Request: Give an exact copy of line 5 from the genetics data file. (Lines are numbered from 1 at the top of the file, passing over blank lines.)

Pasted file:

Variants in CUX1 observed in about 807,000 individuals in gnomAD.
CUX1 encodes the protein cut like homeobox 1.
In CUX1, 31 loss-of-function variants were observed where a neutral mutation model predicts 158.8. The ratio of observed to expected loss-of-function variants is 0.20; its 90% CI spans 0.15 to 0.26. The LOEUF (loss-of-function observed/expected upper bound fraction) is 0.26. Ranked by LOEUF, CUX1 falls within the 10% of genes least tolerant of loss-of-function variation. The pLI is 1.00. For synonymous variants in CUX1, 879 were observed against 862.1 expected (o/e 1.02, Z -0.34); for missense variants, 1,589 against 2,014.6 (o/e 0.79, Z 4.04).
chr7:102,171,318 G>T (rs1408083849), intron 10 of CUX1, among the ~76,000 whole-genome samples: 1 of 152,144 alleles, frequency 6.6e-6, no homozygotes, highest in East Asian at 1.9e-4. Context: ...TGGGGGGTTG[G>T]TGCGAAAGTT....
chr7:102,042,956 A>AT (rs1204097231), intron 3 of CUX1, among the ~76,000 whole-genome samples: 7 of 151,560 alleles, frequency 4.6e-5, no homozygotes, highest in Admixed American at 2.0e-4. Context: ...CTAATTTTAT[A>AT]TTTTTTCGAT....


chr7:102,042,956 A>AT (rs1204097231), intron 3 of CUX1, among the ~76,000 whole-genome samples: 7 of 151,560 alleles, frequency 4.6e-5, no homozygotes, highest in Admixed American at 2.0e-4. Context: ...CTAATTTTAT[A>AT]TTTTTTCGAT....